kati General Enterprises Limited vs Equity Bank of Tanzania Limited & Another, civil case no 22 of 2018.

In this matter the Court is moved by the 3rd party to dismiss with costs the whole suit for being incompetent basing on the three points of preliminary objection raised by him going thus:

(a)The suit is unmaintainable for being filed without appending the Company’s Board Resolution to the plaint as required under section 147(l)(a) and (b) of the Companies Act, No. 12, [Cap. 212 R.E 2002].

(b)The whole suit is bad in law for contravening the provisions of Order

VI Rule 15(3) of the Civil Procedure Code, [Cap. 33 R.E 2019], for being improperly verified by a stranger (non Director) to the 

Plaintiff’s company names Eden Samwel Katininda which is contrary to an extract annexed as Annexture MBA-A to the plaint.

(c)That the Plaintiff’s Company was fraundulently registered by the Registrar of Companies on 13th day of December, 2002 without disclosing that one among the first Director of the Plaintiff’s Company namely Felician Eden Katininda was a Minor being bornon 03rd date of anuary, 1997.

Briefly the plaintiff in this case a Limited Liability Company duly incorporated under the Companies Act, [Cap. 202 R.E 2002] is suing the Defendant also a registered Company running financial business as a Bank for unlawful

diversion of her funds which were expected to be credited into Plaintiff’s account from Pyrethrum Processing Company of Kenya by unlawfully opening account No. 300211237025 in plaintiff’s name at Kariakoo Branch, crediting the said money and allowing its withdrawal without the plaintiff’s

authority. 

The plaintiff is thus claiming a total amount of Kenya Shillings 8,982,184/= (equivalent to Tshs. 198,481,533.65) and Tanzanian Shillings 100,000,000/= allegedly deposited in the said account plus interest of the claimed amount at the rate of 26% as well as damages arising from embarrassment, loss of Goodwill to their bankers and disruption of their account system and budget resulted from defendant’s act and the costs of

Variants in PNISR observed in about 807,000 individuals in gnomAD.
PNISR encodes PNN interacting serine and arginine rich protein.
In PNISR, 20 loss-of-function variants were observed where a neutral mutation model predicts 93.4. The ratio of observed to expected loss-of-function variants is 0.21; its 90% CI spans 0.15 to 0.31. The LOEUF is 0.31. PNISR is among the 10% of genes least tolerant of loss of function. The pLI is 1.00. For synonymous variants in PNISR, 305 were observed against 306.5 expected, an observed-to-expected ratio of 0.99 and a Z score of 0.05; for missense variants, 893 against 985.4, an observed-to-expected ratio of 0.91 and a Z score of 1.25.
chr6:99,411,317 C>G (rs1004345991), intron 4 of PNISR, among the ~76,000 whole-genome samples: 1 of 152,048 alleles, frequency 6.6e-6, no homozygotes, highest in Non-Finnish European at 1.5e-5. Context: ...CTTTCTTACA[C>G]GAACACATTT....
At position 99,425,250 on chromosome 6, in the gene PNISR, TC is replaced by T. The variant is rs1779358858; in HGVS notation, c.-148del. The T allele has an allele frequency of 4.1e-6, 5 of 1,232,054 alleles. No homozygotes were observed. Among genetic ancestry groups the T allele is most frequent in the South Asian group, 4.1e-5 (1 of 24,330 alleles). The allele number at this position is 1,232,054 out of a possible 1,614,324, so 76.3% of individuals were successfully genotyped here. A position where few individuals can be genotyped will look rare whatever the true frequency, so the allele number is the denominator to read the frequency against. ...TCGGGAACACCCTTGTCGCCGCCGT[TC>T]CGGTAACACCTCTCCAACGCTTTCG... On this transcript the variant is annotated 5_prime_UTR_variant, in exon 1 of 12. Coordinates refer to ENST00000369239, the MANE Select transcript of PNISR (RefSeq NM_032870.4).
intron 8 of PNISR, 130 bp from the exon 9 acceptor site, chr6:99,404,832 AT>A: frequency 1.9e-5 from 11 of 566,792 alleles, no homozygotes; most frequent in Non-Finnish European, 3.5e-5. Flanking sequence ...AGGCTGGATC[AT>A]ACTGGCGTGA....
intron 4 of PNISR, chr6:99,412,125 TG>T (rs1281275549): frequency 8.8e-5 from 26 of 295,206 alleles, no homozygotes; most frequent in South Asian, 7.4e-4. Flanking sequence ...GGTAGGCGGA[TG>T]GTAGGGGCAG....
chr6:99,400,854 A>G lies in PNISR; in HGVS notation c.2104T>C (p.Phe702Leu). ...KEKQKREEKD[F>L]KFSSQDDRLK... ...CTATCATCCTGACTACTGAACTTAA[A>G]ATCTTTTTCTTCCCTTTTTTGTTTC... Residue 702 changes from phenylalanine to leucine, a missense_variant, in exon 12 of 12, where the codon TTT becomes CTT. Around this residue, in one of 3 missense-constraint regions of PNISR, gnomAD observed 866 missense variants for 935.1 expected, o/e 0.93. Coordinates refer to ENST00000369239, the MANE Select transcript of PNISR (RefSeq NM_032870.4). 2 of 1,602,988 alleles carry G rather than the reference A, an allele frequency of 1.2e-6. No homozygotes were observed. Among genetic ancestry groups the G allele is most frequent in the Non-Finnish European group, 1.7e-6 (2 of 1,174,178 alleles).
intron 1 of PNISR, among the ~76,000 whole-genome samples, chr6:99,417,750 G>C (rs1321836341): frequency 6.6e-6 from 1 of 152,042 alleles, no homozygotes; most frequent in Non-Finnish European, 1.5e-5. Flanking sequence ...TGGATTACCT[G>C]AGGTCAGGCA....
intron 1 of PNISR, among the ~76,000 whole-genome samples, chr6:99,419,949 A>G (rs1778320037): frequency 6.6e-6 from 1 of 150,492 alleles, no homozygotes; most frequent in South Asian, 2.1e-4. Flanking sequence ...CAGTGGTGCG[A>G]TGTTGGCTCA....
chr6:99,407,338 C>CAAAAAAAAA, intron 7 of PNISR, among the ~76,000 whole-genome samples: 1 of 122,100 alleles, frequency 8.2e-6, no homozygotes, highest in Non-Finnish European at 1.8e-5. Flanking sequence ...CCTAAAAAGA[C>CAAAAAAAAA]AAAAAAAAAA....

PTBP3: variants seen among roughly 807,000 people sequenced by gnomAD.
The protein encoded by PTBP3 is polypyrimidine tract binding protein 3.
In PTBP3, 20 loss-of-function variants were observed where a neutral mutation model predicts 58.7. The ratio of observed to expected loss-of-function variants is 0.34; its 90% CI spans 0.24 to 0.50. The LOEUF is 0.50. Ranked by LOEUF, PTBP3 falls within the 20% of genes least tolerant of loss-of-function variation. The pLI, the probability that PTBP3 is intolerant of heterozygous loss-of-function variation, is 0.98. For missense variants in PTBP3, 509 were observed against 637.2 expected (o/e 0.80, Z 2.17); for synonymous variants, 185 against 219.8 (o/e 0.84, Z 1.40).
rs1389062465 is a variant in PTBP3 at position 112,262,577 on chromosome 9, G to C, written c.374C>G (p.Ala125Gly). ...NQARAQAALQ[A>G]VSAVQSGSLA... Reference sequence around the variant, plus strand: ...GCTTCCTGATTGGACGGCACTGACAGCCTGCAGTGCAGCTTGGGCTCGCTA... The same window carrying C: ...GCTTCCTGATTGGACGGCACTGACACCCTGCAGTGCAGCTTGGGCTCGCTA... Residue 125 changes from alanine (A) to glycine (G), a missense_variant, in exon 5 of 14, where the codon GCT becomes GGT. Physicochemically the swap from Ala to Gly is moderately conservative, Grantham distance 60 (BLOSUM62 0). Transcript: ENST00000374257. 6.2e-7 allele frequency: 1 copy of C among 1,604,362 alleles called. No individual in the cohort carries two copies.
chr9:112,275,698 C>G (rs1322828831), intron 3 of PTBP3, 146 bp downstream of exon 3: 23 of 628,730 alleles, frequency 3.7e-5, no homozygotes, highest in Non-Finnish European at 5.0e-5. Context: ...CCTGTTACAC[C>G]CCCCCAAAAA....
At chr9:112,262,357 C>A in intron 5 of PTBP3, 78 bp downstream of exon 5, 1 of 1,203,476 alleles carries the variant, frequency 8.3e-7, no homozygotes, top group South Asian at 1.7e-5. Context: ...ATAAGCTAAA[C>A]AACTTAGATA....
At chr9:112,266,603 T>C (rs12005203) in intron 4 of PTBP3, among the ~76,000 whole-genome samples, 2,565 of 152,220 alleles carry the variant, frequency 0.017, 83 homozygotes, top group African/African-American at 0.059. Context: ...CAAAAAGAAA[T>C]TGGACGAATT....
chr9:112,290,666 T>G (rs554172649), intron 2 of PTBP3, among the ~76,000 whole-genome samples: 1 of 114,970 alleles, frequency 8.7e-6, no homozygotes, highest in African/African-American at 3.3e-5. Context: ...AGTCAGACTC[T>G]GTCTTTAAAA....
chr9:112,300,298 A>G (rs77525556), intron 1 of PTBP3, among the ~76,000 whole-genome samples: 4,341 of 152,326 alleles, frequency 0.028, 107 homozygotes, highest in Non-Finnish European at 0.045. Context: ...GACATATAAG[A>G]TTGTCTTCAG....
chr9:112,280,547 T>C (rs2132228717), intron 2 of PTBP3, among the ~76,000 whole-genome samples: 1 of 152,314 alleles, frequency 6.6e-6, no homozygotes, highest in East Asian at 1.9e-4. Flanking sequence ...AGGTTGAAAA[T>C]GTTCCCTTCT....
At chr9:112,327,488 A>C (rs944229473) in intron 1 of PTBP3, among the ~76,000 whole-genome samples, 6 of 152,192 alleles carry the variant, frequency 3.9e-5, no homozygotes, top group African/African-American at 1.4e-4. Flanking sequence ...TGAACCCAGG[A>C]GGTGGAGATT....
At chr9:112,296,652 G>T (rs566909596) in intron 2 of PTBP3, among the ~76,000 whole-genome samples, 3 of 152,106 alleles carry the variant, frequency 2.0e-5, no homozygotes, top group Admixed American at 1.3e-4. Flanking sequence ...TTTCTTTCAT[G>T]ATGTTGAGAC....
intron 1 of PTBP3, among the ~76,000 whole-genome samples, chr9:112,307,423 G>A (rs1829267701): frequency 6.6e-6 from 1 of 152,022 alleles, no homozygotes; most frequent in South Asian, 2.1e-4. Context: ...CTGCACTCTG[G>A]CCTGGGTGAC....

the suit. 

When served with the plaint the defendant denied any liability thus filed a third party notice joining the third party as the person responsible for opening the account and withdrawal of the alleged monies. In his written statement of defence the third party squarely resisted the claims against him

while raising a Notice of Preliminary points of objection advancing the three above cited grounds.

The court had this to say:

As regard to the point raised by Mwenda that the first ground does not qualify to be objection on point of law for requiring evidence to prove that the meeting was held by the board, the agenda under discussion and the resolutions reached, I do not find merit on it. As stated above consent of the directors is mandatory before institution of the suit, equally importantly it is the requirement of the law that, minutes of board of directors’ resolutions must be pleaded and annexed to the plaint so as to establish to the court’s satisfaction at the earliest possible time as well as the defendant that, consent of the board of directors was obtained before institution of the suit.

In that regard it does not require evidence to prove whether the board of directors authorised institution of the suit or not as that fact can be established by perusing the plaint and not otherwise. My views find support

in the position taken by my sister Maghimbi , in the case of Evarist Steven Swai and Another (supra) when faced with similar situation where she had

this say:

“From the foregoing, throughout their pleadings, the plaintiff have not indicated anywhere that the said Board Resolution was passed to authorise institution ofthe suit. Therefore in my view, the fact that there is a board resolution authorizing institution of proceedings should be reflected as one of the clauses of the plaint with the proof attached as an annexure to the plaint.

Hence the issue of board resolution does not require arguments basing on evidence to be adduced during trial; instead it should be availed clearly on the plaint that the company has authorised institution of certain proceedings…” (Emphasis supplied)

In view of the above deliberation I find the first ground objection has merit and therefore uphold it as the plaintiff ought to have complied with the requirement section 147(l)(a) and (b) of the Companies Act, No. 12, [Cap. 212 R.E 2002] by annexing to the plaint company board of directors’

resolution authorizing institution of the suit and appointment of the advocate to prosecute the suit, but she failed to so do. As this ground has the effect of disposing of the matter I see no pressing issue to move me to the next ground.